Attendance was encouraging on the first day children returned to school Sunday, 37 days after the devastating earthquake rocked Nepal.
The month-plus unscheduled holidays have come to an end. But the tremors have not. Amid aftershocks striking every single day, children in most Valley schools not only managed to bring smiles back to their faces, but also boosted the confidence of their teachers about continuing with the classes.
Arman at the center
Five-year-old Arman Khan had gotten admission to nursery class at Durbar High School in the first week of Baisakh, when the new academic session started. But his first day of classes took place only on Sunday. No one asked him to read or write anything. All he had to do was sing and dance along with other children.
At this oldest school of the country, the children paid no attention to the collapsed infrastructure and instead enjoyed the cultural program at the Temporary Learning Centre set up by the school.
Rojina Lama, 13, and her 11-year-old brother Kumar were witness to many old structures collapsing in Thimi on April 25. And their home in Dhading district is now only a memory. But all that was not enough to keep the siblings away from their Adarsha Secondary School at Sanothimi, Bhaktapur.
“We are happy to come to school and hope to resume our studies soon,” they said while walking in the streets of Thimi.
School teacher Roshani Shrestha at VS Niketan Montessor shared that those who came in the morning crying also seem to have forgotten everything and were playing happily.
For eight-year-old Younish Shrestha, it was a little different. The paper-made ‘smiling’ hairband did not match his expression. About the reason for his sadness, he said, “I enjoyed the holidays and wished they could be extended for more days still.” Roshani explained Younish’s attitude in terms of general child psychology and the tendency to keep avoiding school when there has been a long gap.
Sixth grader Rahul Yadav of SOS School, Sanothimi says he found the earthquake-related information at schools quiet boring.
“We have been facing earthquakes every day and watching the awareness messages on TV and the internet and it was boring to see the same things repeated at school,” he said. Rahul’s mother Bina nodded and suggested that the schools impart quake-related education in a more interesting way.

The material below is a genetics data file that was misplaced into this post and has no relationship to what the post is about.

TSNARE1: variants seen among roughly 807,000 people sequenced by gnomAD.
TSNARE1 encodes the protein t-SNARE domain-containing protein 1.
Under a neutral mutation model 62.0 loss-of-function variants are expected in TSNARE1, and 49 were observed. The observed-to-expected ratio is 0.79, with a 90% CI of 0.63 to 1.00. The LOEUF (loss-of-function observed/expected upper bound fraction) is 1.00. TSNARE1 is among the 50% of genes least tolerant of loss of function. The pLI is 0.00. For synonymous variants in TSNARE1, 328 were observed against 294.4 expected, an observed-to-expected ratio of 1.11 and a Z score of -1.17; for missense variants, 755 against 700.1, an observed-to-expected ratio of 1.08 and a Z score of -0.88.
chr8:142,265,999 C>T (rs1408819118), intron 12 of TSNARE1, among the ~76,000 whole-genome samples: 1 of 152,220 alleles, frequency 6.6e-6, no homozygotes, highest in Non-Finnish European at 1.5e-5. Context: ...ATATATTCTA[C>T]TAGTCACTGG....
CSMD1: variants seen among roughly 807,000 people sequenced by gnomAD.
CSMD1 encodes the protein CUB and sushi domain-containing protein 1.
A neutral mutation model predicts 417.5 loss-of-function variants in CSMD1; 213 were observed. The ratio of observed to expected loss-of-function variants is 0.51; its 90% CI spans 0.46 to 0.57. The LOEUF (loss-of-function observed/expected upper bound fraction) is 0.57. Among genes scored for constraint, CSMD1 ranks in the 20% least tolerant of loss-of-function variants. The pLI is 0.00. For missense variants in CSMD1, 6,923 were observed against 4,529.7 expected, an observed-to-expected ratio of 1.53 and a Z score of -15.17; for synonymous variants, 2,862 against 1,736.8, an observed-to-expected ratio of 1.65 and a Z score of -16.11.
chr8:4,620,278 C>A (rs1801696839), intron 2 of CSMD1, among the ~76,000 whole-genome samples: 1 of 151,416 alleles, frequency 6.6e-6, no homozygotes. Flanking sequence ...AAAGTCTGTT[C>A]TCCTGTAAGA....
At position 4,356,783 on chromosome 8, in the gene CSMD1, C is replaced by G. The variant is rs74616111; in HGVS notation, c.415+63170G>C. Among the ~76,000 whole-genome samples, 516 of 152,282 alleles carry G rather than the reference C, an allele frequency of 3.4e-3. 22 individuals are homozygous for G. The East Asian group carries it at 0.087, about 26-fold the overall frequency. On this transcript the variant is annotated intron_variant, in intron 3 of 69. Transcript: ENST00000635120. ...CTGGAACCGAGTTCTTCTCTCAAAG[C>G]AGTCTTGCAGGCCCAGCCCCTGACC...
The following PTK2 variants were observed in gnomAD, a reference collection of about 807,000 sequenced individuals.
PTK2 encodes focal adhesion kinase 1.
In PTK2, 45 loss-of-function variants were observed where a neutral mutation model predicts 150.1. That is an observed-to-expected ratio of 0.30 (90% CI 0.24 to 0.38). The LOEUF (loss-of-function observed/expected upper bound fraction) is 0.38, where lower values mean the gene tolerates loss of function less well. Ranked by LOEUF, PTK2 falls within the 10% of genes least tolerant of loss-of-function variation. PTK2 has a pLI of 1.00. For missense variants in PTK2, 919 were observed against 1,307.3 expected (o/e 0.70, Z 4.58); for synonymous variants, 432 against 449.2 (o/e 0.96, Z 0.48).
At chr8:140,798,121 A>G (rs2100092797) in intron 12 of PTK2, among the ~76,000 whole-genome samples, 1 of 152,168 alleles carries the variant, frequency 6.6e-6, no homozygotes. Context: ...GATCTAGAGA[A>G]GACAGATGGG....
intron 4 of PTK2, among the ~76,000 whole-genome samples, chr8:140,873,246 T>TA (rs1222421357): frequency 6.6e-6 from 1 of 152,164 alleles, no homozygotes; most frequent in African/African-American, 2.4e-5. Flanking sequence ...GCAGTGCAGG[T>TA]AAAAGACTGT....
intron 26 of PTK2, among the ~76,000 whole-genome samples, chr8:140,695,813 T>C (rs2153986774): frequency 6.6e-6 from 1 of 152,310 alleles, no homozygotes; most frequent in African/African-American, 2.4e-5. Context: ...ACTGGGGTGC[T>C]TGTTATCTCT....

Less than half of students attend at most Valley schools
Around 70 students made it to Durbar High School where the enrollment was around 225 during the last session. Out of 1,000 students, hardly 350 reached Nobel Academy at New Baneshwor.
Nobel Principal Rishikesh Wagle said most of the students who have gone to the districts with their families are yet to return.
“It is mainly children who have gone to their homes outside the Valley who are yet to return,” said Wagle.
At VS Niketan Montessor at Tinkune, 87 out of the 200 toddlers managed to come, whereas 250 out of 500 students at Suryodaya School attended.
PABSON, an umbrella organization of private and boarding schools, said that around 40 percent of students came to school. But the numbers are expected to increase gradually as the guardians see more and more children doing so, said PABSON Chairperson Lachhya Bahadur KC
PABSON has estimated that around 15 percent of the children might not return to the Valley following the quake. KC said this was no bother for private schools, which would soon begin classes in full form as per the interest shown by students.
“The senior class students have shown interest in returning to full-form classes,” said KC. If the aftershocks become milder, schools would resume formal classes for grades 9 and 10, he mentioned.
The Department of Education (DoE)said that most of the schools managed to gather students in their makeshift classrooms for amusement and extracurricular activities, as earlier planned, to help them overcome the post-quake trauma.
“We have received good vibes from the badly-devastated districts and this has encouraged the government to gear up for full fledged classes soon,” said DoE Director Khagendra Nepal.
Stressed guardians wait outside for children
Though some schools such as St. Xavier’s at Jawalakhel restricted media from the school premises, guardians were allowed to accompany their children to the classrooms.
Some of the schools engaged the guardians also in their activities, and in most schools the guardians waited outside for more than two hours until the school wrapped up for the day.
At the premises of Suryodaya School at Dillibazar and at Maitidevi-based Universal Academy, which was damaged by the quake, the guardians could manage a smile on seeing their children singing and dancing.
Engineer Shambhulal Kayastha took his eight-grader granddaughter Bhumika to Nobel Academy from Koteshor. This was the third time Kayastha has been to the school within a week.
“The green sticker at the building did not reassure me untill I examined the infrastructure myself,” 60-year-old Kayastha told Republica while waiting for Bhumika at the school premises.
Nobel carried out yoga, meditation and cultural programs alternatively, dividing the students into different groups. Guardians witnessed similar activities from a distance at VS Niketan as well.
Like many, Sunita Maharjan said that fear of strong tremors during school hours prevented her feet from leaving the school area.
The author is education journalist with Republica English National Daily in Nepal. She originally published it in Republica and blogged for ELT CHOUTARI.